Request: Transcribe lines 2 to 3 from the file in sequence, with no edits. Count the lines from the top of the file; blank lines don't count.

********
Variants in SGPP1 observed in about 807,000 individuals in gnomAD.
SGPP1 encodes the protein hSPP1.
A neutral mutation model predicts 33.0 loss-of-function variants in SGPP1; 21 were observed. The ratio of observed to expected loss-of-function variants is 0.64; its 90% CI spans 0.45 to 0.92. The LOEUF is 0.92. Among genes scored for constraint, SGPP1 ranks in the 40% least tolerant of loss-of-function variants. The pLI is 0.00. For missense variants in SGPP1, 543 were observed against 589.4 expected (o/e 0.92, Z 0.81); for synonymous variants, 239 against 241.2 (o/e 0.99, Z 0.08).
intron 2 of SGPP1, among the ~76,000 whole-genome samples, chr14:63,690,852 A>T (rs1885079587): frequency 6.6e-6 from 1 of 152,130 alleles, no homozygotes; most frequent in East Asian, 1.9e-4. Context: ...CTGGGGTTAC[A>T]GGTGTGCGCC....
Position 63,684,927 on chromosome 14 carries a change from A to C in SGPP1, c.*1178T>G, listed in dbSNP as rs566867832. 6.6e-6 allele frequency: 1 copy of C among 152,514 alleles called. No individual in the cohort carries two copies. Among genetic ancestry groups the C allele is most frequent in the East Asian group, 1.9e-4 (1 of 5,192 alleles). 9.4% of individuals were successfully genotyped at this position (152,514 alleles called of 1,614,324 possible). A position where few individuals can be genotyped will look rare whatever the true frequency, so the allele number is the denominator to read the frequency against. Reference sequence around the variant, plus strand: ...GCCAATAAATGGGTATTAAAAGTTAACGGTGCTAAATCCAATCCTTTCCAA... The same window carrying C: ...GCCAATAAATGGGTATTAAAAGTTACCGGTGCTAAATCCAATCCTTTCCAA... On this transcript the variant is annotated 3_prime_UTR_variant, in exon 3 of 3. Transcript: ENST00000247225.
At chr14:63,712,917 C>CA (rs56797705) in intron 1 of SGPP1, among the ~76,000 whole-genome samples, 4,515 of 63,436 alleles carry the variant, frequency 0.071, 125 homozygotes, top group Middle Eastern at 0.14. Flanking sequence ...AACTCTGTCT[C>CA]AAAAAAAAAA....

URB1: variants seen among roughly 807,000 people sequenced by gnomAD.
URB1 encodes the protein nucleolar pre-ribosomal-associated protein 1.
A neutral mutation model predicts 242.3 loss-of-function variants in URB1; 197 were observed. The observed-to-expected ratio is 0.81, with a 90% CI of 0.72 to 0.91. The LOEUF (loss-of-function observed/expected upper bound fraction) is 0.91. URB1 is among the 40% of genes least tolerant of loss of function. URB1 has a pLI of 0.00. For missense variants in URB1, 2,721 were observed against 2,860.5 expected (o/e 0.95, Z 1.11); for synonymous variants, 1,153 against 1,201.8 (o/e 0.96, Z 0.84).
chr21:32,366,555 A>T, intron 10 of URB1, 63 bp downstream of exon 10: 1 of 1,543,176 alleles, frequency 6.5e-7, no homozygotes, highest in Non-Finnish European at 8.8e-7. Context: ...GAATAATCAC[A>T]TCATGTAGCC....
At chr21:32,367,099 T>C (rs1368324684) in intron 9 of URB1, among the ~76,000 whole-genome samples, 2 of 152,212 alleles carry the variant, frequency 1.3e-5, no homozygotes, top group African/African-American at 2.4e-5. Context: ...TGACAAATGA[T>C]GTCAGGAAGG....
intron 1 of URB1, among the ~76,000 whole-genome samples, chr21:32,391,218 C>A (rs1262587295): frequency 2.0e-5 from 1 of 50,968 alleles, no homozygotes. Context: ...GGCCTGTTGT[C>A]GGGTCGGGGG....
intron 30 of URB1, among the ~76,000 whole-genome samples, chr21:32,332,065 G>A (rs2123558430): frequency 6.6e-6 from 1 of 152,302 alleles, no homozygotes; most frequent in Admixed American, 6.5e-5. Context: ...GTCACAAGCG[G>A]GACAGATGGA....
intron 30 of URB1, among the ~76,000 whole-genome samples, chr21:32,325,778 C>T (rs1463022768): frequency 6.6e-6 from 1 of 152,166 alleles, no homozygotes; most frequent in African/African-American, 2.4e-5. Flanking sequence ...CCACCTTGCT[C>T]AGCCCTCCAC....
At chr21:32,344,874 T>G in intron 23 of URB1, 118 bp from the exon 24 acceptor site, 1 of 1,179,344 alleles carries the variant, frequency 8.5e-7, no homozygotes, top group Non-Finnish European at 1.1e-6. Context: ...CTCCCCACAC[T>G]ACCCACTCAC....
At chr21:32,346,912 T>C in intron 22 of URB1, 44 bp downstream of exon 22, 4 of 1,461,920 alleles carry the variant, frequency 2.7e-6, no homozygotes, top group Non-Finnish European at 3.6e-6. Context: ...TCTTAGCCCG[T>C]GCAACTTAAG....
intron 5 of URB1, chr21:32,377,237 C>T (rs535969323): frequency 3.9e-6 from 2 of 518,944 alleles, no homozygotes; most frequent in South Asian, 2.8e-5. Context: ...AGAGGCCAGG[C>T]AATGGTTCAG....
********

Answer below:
SGPP1 encodes the protein hSPP1.
A neutral mutation model predicts 33.0 loss-of-function variants in SGPP1; 21 were observed. The ratio of observed to expected loss-of-function variants is 0.64; its 90% CI spans 0.45 to 0.92. The LOEUF is 0.92. Among genes scored for constraint, SGPP1 ranks in the 40% least tolerant of loss-of-function variants. The pLI is 0.00. For missense variants in SGPP1, 543 were observed against 589.4 expected (o/e 0.92, Z 0.81); for synonymous variants, 239 against 241.2 (o/e 0.99, Z 0.08).